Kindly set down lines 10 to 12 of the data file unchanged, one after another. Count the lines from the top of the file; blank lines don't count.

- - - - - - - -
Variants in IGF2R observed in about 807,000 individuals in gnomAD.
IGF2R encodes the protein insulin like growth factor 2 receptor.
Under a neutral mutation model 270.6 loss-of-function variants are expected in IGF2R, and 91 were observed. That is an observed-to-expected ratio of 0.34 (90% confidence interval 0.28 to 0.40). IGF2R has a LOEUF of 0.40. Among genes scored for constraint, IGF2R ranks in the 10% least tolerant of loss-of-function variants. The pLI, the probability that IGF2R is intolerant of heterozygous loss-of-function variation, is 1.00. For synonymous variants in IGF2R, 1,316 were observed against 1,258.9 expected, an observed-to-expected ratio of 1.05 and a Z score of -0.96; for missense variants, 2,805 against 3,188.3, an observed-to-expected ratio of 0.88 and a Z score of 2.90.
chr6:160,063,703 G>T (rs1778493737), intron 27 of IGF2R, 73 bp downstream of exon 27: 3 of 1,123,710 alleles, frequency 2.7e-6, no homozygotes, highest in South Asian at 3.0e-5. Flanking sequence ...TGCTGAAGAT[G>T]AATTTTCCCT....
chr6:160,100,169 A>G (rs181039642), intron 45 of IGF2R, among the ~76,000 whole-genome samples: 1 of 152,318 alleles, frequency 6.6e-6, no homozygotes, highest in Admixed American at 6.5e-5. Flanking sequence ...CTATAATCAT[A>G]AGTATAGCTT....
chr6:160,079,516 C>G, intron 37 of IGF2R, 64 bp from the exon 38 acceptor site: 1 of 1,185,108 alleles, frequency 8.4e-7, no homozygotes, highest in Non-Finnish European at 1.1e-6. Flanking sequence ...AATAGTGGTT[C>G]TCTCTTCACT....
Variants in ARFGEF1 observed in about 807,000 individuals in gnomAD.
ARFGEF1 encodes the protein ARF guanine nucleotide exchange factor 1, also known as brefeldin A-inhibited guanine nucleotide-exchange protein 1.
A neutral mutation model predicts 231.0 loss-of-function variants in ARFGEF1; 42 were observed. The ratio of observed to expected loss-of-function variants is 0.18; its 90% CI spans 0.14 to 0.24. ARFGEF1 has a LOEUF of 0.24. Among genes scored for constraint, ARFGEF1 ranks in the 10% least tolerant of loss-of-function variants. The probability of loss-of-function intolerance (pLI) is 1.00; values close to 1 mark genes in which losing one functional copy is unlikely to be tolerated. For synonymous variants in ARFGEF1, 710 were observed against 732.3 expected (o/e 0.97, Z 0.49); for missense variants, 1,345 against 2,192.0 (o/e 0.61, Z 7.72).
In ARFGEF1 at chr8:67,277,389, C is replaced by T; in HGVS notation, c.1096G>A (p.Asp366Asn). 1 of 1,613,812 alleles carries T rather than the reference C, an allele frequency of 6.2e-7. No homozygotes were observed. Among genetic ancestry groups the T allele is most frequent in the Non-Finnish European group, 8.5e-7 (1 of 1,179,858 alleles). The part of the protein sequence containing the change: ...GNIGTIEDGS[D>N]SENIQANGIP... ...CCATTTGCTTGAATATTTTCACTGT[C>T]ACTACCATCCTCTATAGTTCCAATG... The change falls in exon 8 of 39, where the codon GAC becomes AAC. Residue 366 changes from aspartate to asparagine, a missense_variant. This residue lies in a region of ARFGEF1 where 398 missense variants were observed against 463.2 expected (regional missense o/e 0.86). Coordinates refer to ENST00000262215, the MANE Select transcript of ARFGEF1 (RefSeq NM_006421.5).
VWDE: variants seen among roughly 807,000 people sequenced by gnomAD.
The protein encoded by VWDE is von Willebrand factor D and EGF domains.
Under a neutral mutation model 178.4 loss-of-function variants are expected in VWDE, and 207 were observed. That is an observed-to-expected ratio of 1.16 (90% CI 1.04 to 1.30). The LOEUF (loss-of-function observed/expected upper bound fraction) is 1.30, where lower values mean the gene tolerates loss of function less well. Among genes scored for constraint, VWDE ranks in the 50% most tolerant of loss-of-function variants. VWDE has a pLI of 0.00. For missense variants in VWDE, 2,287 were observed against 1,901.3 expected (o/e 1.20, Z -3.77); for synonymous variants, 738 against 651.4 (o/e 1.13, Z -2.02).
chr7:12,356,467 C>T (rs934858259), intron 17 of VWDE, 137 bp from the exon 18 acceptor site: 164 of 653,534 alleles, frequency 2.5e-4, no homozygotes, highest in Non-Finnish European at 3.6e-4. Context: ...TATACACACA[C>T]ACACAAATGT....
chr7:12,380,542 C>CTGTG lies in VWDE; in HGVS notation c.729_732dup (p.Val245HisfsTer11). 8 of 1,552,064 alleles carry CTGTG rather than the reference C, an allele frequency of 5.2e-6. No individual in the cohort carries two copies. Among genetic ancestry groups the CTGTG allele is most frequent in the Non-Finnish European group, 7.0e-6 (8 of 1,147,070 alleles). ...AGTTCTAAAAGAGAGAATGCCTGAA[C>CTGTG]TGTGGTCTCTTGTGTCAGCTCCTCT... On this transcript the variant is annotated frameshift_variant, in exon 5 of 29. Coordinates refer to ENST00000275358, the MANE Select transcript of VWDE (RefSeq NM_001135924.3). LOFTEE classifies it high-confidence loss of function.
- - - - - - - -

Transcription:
In ARFGEF1 at chr8:67,277,389, C is replaced by T; in HGVS notation, c.1096G>A (p.Asp366Asn). 1 of 1,613,812 alleles carries T rather than the reference C, an allele frequency of 6.2e-7. No homozygotes were observed. Among genetic ancestry groups the T allele is most frequent in the Non-Finnish European group, 8.5e-7 (1 of 1,179,858 alleles). The part of the protein sequence containing the change: ...GNIGTIEDGS[D>N]SENIQANGIP... ...CCATTTGCTTGAATATTTTCACTGT[C>T]ACTACCATCCTCTATAGTTCCAATG... The change falls in exon 8 of 39, where the codon GAC becomes AAC. Residue 366 changes from aspartate to asparagine, a missense_variant. This residue lies in a region of ARFGEF1 where 398 missense variants were observed against 463.2 expected (regional missense o/e 0.86). Coordinates refer to ENST00000262215, the MANE Select transcript of ARFGEF1 (RefSeq NM_006421.5).
VWDE: variants seen among roughly 807,000 people sequenced by gnomAD.
The protein encoded by VWDE is von Willebrand factor D and EGF domains.